Are non-nutritive sweeteners safe for my child to consume?
A recent article about non-nutritive sweeteners in Pediatrics, the official journal of the American Acadamy of Pediatrics, peaked my interest because use of these ingredients in products is often related to reduction in the amount of sugar in a child's daily diet. I thought parents and caretakers would be interested in what we know and don't know about non-nutritive sweeteners in products made for toddlers and young children.
So, what exactly are non-nutritive sweeteners? I'm sure you've seen these non-nutritive sweeteners in the baking section of stores stacked on the shelves near table sugar and other sweeteners. Most are artificial meaning they are chemically made. A couple of them might be familiar to such as sucralose (known under the trade name Splenda®) or acesulfame potassium (known under the trade names Sunett® or Sweet One®). Some people recognize these chemically derived sweeteners by the yellow, blue or pink packets in which the various brands are packaged. There are two natural sweeteners, Stevia and monk fruit. Stevia is the natural constituent in the leaf of the plant called Stevia rebaudiana Bertoni and the ingredient panel on the label will identify it by its scientific name "Steviol glycosides". Monk fruit is also called luo han guo and is a small subtropical melon that is sold as a juice or powder.
Some reasons why non-nutritive sweeteners are used are reduction in the amount of sugar being used in the daily diet; weight control; diabetes; reduction in cardiovascular risk factors; or simply a preference for the taste of the sweetener. Many question whether toddlers and young children should be consuming products with non-nutritive sweeteners, especially those that are chemically derived. The Pediatrics article notes that non-nutritive sweeteners may help with weight control in children; as a source of sweetness in foods for children with diabetes while also not affecting blood sugar levels, and for children with metabolic or cardiovascular risks like high cholesterol levels. Also noted is that more research needs to be done on the long-term health effects of these sweeteners and if they should be used sparingly. When shopping and looking for "reduced sugar" products, make sure to read the ingredient labels. Non-nutritive sweeteners can be in many and all types of products like yogurt, sodas, gums, candies, mouthwash, and even toothpaste.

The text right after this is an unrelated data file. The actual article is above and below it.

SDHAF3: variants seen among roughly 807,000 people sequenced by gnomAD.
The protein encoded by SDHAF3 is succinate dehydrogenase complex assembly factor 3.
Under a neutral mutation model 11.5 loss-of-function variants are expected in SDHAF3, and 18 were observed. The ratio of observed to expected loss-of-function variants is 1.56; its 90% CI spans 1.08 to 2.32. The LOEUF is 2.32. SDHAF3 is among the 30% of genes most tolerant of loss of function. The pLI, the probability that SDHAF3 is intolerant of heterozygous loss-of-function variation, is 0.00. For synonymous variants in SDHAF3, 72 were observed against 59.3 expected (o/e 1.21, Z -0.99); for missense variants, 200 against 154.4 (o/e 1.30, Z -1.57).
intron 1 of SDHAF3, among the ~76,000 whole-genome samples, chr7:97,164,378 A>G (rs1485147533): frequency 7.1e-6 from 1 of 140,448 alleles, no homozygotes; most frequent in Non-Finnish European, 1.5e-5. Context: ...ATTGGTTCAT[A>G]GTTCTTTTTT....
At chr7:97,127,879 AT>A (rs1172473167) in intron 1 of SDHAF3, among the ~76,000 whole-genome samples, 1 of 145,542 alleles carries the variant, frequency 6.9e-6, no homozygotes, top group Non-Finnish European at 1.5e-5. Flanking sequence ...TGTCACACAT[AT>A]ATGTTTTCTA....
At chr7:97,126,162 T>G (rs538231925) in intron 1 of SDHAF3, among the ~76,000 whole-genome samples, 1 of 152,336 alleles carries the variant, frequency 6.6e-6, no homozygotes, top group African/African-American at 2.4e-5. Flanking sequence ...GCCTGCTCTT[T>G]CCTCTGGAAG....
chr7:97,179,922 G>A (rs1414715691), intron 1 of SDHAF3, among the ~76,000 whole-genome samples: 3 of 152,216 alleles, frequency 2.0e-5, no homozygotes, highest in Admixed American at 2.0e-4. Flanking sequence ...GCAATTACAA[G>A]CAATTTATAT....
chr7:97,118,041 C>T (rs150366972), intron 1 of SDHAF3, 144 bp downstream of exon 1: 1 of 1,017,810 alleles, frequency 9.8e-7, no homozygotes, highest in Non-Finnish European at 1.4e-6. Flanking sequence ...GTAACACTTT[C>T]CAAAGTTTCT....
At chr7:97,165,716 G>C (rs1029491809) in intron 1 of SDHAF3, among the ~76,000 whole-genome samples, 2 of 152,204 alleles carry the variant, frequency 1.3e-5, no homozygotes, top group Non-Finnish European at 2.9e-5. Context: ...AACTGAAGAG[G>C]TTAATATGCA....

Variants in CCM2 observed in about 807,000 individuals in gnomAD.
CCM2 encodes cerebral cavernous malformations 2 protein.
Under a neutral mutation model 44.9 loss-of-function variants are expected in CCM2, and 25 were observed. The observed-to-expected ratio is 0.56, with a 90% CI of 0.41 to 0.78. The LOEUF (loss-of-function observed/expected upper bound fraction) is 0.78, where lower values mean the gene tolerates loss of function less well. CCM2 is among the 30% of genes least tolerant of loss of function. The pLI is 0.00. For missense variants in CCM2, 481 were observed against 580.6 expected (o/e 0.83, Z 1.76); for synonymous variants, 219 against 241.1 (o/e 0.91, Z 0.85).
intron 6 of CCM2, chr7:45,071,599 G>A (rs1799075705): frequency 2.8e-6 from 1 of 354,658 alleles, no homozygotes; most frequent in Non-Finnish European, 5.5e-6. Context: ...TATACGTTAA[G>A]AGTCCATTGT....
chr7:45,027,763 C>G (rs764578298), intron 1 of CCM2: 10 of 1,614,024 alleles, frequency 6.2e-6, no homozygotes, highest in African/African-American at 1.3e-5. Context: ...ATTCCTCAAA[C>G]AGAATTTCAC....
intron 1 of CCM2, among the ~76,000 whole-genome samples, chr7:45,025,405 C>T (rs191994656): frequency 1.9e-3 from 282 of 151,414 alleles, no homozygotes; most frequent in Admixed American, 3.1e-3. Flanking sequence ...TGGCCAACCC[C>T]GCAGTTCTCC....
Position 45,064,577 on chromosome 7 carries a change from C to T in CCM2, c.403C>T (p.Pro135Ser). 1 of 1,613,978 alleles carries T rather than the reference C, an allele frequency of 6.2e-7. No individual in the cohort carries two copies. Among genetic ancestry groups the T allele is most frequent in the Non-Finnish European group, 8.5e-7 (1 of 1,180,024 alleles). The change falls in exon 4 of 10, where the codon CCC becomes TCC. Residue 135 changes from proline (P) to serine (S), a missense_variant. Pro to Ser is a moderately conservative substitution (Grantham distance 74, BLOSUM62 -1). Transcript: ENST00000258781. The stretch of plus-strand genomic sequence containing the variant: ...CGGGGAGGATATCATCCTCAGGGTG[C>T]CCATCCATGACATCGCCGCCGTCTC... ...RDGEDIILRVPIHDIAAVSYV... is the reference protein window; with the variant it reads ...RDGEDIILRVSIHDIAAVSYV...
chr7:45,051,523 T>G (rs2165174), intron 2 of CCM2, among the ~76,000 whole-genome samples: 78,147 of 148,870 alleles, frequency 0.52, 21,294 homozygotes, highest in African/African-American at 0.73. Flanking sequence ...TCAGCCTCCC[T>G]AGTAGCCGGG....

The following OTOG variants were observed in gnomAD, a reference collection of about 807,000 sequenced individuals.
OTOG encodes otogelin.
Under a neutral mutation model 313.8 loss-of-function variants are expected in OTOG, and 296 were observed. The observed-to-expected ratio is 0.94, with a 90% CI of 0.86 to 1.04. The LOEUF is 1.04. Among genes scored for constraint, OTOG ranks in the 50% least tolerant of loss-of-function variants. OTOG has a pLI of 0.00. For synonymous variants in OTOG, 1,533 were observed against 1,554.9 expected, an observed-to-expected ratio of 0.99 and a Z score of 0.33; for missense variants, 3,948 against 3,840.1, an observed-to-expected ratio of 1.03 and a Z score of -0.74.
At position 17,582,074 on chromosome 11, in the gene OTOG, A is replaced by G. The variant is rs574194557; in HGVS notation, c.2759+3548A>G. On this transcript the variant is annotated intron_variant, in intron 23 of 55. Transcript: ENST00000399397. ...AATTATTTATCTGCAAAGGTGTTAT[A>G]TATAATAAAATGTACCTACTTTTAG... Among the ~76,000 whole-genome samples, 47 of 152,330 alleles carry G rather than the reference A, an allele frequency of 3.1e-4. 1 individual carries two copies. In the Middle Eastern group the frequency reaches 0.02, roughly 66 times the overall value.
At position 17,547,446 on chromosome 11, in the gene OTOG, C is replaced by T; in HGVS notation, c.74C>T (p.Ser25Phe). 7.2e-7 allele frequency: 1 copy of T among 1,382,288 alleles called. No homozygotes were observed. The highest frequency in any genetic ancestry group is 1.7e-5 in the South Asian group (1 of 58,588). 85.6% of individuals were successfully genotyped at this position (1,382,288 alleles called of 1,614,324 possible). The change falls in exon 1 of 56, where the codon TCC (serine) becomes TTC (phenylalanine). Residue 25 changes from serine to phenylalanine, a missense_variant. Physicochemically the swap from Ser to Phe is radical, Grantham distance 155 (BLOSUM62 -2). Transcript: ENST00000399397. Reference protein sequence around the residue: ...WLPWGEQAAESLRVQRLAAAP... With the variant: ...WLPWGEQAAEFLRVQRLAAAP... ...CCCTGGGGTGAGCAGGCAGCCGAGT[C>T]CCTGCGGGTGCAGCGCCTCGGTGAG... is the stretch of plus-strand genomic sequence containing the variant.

If your child's healthcare provider determines that a non-nutritive sweetener does have a place in your child's overall diet, my preference would be to look for products with natural, non-nutritive sweeteners that have been certified organic. The organic options allowed at present by the National Organic Program of the U.S. Department of Agriculture are organic steviol glycosides, i.e. Stevia, or organic monk fruit. As always, look for the USDA organic seal to ensure quality products without nasty chemicals like pesticides and herbicides.
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**For specific medical care and nutritional advice on product usage, please see your healthcare professional